Students call for cancellation of spring semester

Cristal+Caballero%2C+the+author+of+the+letter+sent+to+University+administration%2C+stands+with+her+parents+outside+of+her+dorm+building+on+move+in+day.

Photo Courtesy of Cristal Caballero

Cristal Caballero, the author of the letter sent to University administration, stands with her parents outside of her dorm building on move in day.

By Amrita Bhattacharyya, Staff Writer

Dozens of University students and RSOs endorsed a letter addressed to the University administration. The letter calls for adjustments to the remainder of the semester due to problems that many low-income students face. 

Specifically, the letter calls for canceling the remainder of the spring semester, granting students full credit and giving them A grades for each class, and providing prorated refunds in fees and tuition.

Zitlalli Paez, sophomore in LAS and FAA, is a low-income, first-generation student who endorsed the letter. Paez does not have a reliable internet connection or a good study space in her home. 

“We’re missing a lot of essential resources,” Paez said. “It can become impossible to do the workload of the University.”

Paez is also searching for a job back home to pay off her apartment lease on campus, as her contract can’t be terminated mid-semester.  

Alondra Colunga, senior in ACES, also endorsed the letter. Since returning home, Colunga has been helping her mom at work in the mornings.

“It’s been a little bit difficult because when I get out of work I have to go straight to doing my homework and then doing online classes,” Colunga said. 

Colunga has taken on additional responsibilities since leaving campus. 

“My mom, she works all day. So, sometimes I’m in charge of taking care of the house and making sure that everything’s in order,” Colunga said.

Out of the goals of the letter, Colunga especially wants prorated refunds in tuition and fees, as this money would go directly toward helping her family.

Cristal Caballero, junior in LAS, authored the letter. While writing the letter, her tactic was to “ask for the extreme.” In asking for the cancellation of classes and that all students receive As, she aimed to make the option of pass/fail for classes seem more moderate.

The letter also asks for refunds of fees for the rest of this semester. 

“There’s no point in me paying library fees if I’m not going to be able to use it,” Caballero said.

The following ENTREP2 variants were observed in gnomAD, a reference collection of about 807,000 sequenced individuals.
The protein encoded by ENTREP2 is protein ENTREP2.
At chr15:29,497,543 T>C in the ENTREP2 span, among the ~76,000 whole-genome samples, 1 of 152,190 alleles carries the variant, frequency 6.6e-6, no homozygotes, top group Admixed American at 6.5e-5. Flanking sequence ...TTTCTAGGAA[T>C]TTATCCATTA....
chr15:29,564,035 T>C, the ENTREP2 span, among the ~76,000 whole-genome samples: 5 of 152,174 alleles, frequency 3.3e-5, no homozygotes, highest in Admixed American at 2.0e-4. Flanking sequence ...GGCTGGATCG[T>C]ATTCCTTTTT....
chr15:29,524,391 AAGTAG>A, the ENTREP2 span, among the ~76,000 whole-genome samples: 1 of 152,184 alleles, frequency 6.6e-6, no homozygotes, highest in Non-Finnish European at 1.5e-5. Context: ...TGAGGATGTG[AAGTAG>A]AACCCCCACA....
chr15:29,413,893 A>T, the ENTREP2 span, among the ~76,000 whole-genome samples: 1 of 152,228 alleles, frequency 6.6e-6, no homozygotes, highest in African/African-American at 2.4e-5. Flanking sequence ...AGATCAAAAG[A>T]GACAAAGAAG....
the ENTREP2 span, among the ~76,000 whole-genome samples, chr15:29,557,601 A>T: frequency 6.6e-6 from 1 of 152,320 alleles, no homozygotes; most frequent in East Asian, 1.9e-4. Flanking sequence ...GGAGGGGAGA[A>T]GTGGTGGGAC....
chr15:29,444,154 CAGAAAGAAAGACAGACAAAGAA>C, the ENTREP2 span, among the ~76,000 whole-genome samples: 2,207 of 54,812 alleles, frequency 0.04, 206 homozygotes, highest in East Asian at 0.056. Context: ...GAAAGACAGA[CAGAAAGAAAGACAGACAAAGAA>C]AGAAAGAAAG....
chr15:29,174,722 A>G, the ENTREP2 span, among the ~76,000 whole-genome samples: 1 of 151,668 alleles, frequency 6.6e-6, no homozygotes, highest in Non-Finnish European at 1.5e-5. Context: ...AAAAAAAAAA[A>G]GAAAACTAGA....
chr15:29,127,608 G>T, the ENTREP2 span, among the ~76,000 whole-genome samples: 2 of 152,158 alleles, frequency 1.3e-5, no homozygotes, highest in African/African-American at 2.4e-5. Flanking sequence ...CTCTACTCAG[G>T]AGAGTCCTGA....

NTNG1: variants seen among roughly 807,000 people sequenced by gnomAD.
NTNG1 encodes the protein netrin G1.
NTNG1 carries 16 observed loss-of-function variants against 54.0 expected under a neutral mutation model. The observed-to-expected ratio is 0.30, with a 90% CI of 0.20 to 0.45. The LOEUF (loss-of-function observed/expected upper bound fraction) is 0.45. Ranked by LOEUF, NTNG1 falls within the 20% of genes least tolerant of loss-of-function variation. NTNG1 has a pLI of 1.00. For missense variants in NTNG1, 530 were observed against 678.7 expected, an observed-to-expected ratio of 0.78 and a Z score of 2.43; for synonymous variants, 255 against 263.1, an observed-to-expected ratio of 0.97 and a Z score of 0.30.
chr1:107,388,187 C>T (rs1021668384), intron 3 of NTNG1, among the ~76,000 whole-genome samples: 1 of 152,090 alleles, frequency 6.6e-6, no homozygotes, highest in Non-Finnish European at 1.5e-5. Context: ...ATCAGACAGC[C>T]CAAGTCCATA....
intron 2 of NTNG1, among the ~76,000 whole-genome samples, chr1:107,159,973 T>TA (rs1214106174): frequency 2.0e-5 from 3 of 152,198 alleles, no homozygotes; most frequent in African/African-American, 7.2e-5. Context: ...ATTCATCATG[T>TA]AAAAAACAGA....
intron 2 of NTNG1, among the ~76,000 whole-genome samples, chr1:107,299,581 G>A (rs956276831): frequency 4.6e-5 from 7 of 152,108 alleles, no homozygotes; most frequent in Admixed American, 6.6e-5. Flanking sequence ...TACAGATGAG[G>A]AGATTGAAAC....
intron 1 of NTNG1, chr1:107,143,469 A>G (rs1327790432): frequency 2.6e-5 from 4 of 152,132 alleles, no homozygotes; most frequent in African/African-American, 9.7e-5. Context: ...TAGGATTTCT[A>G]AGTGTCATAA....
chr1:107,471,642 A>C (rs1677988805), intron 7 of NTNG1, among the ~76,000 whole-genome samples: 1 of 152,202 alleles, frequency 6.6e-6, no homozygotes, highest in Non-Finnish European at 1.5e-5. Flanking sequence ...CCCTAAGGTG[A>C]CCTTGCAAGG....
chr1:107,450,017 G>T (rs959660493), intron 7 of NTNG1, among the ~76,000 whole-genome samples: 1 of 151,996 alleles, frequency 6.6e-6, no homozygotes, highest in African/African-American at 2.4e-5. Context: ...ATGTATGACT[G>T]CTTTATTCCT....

Robin Kaler, chief communications officer for the University, said that there will be no tuition refunds for the courses which continue this semester. 

“We have every confidence that the courses we offer can achieve the desired student learning outcomes,” Kaler said in an email.

Commenting on the University’s recent announcement of the credit/no credit policy, Caballero said that students always had that option. According to the Office of the Registrar, students are able to select the credit/no credit option through consultation with their college office.

“The University really knows how to make it seem like they (are) doing something for us,” she said.

Apart from University students and RSOs, the letter has endorsements from students nationally and internationally. Caballero said that this is an international issue, since everyone is being affected by the coronavirus.

Since Caballero has posted her letter on Twitter, it received over 50,000 impressions and 16,000 engagements.

The letter has also changed the mind of at least one University professor, who has decided to give all of his or her students As, according to Caballero.

Colunga does not have any plans to use the credit/no credit policy set by the University. She wishes the University would’ve done more in terms of a GPA boost for no credit classes. 

Caballero, Colunga and Paez agree that they have faced problems after coming home that have inhibited them from successfully focusing on their courses. 

“I endorsed the letter because I do want the conversation to start circulating and teachers taking (our obstacles) into consideration,” Paez said.

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